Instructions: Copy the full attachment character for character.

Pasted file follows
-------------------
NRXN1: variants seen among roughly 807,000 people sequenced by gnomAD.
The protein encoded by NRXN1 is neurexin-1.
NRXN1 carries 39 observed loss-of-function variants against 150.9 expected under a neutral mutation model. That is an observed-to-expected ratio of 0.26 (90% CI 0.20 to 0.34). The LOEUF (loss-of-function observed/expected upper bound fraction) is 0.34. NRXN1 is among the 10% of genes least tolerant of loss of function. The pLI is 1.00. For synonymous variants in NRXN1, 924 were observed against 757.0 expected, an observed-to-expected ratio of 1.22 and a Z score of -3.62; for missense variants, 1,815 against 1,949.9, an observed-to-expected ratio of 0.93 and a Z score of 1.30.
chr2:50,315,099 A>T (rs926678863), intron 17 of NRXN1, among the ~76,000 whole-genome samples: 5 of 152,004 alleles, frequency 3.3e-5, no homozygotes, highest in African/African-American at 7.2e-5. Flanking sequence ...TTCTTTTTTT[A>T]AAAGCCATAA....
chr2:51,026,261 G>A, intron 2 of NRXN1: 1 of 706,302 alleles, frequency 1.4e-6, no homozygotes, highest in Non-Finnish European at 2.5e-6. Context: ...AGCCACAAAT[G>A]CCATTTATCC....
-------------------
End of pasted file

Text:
NRXN1: variants seen among roughly 807,000 people sequenced by gnomAD.
The protein encoded by NRXN1 is neurexin-1.
NRXN1 carries 39 observed loss-of-function variants against 150.9 expected under a neutral mutation model. That is an observed-to-expected ratio of 0.26 (90% CI 0.20 to 0.34). The LOEUF (loss-of-function observed/expected upper bound fraction) is 0.34. NRXN1 is among the 10% of genes least tolerant of loss of function. The pLI is 1.00. For synonymous variants in NRXN1, 924 were observed against 757.0 expected, an observed-to-expected ratio of 1.22 and a Z score of -3.62; for missense variants, 1,815 against 1,949.9, an observed-to-expected ratio of 0.93 and a Z score of 1.30.
chr2:50,315,099 A>T (rs926678863), intron 17 of NRXN1, among the ~76,000 whole-genome samples: 5 of 152,004 alleles, frequency 3.3e-5, no homozygotes, highest in African/African-American at 7.2e-5. Flanking sequence ...TTCTTTTTTT[A>T]AAAGCCATAA....
chr2:51,026,261 G>A, intron 2 of NRXN1: 1 of 706,302 alleles, frequency 1.4e-6, no homozygotes, highest in Non-Finnish European at 2.5e-6. Context: ...AGCCACAAAT[G>A]CCATTTATCC....